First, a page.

Would protect EMP bags from EMPs

EMP safe light sources. A light in dark times

Imagine a world without light. Few of us have seen permanent darkness. Even if you walk home at night, lamps will still light your way. Even in the forest, the chances are not bad that enough residual light is shining from civilization. In the event of an EMP strike that would paralyze the entire power supply, we would all find ourselves in considerable darkness. Do you know how to create light after an EMP strike?

Can we get by without light?

One might argue that we don't really need light to survive. In many ways it is true. After the initial chaos as a result of an EMP strike subsides, people will adapt to a life without artificial light (for who knows how long). It would even be healthier because our circulation would synchronize with natural daylight again.

If you want to get to safety far from the cities (keyword: bug-out), it would certainly be problematic to get along without light. But not all of us can curl up. There are just too many people on earth and sooner or later they will form communities.

Light or the creation of light sources is one of the decisive inventions for the flourishing of a civilization. With the help of light we can carry out activities at night, such as reading, learning, producing. And with the illuminated streets and squares, on the one hand we doubled the usable time available to us and on the other hand we reduced the risk of getting into dog poo. Thanks to the light, we have made our survival safer and more comfortable.

And we're only talking about light. An EMP would paralyze the entire power grid and therefore also our communication, warmth and other areas of our lives.

The effects would be devastating.

You don't need a fully lit house after an EMP strike (or any other cause that would cut the power), but a reliable light source will greatly increase your chances of survival.
Solar energy and an EMP?

It has great advantages to obtain your energy from your own solar system and thus to be independent of the local energy suppliers. But solar systems are not immune to electromagnetic impulses.

According to some specialist magazines for solar technology, the solar panels would survive an EMP due to a solar storm, as this would only endanger large transformers. However, in the case of an EMP, the panels would also be destroyed by a nuclear explosion or something similar.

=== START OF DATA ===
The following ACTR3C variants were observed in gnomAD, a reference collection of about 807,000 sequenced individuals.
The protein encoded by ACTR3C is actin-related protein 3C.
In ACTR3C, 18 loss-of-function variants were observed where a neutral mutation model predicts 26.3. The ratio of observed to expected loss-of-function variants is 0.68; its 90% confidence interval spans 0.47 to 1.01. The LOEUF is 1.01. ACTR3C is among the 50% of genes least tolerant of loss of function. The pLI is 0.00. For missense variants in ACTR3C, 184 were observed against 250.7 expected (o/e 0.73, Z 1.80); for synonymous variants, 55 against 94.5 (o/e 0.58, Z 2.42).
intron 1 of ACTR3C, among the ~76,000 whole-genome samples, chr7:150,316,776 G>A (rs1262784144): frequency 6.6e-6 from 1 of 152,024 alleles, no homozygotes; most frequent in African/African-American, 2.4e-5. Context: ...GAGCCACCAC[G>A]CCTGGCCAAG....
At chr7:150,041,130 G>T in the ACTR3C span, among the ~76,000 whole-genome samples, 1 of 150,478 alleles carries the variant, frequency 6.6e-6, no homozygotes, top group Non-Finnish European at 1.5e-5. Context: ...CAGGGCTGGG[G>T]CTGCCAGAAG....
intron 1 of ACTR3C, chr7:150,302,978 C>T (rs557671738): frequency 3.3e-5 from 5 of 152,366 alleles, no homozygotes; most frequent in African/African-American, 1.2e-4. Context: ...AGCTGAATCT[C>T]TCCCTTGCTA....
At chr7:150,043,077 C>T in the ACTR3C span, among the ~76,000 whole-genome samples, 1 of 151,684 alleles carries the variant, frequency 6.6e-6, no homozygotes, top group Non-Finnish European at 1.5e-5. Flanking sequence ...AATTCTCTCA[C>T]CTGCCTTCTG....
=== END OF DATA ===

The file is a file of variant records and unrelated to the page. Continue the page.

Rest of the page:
It is also pointed out that even if the panels survived this, all other electrical devices in your house would be toasted. So the solar system would be useless. In addition, many systems are already connected to the local power grid and would be destroyed in this way.

If you have an independent power supply that is isolated from the grid, you can protect it too. For this you have to install your power converter (DC-AC converter) in a Faraday cage. The same applies to the panels and circuit.

Flashlights and an EMP?

There's a lot of debate about whether flashlights would survive an EMP blow. Some argue that the blow would go through the grid first and thus most of the energy would be channeled. Therefore, when the flashlight is off, it should survive the EMP.

However, others say that an EMP would very well destroy a flashlight - even if it is turned off. The EMP could get to the lamp and cause such a surge in volts that the lamp would be ruined. Even the incandescent lamp or LED light would be destroyed.

But we probably cannot say exactly what would actually happen. Because there are only a few tests on this subject - which is not the worst when you consider that many of these tests would be atomic bomb explosions.

With a smaller EMP, flashlights would probably still be intact if they were turned off.
With a larger EMP, a metal flashlight might last, as its sheath would act as a shield.

However, the lens would be a weak point and would have to point in the opposite direction of the EMP in order to remain intact. But we lack reliable knowledge here. For this reason, the flashlights should be protected from an EMP, for example by packing them in a Faraday cage or a special EMP bag (something like this one here or the NATO variant here).

EMP bags protect your electronic devices with alternating layers of metal and polyester alloys. The incoming blow is diverted around the devices by the outer metal layers - which is why the bags are also small Faraday cages.

Candles, oil lamps and other EMP safe lighting options

When the grid goes down, of course, the most reliable light sources are those that don't need electricity. I still recommend keeping a lamp protected in the EMP bag - just because I don't want to run through the forest with a small candle. But it is a good idea to have a couple of candles or oil lamps armed with you.

Above all, this light source can be reproduced sustainably if it burns down. There are a lot of instructions on the net on how to make candles and wicks.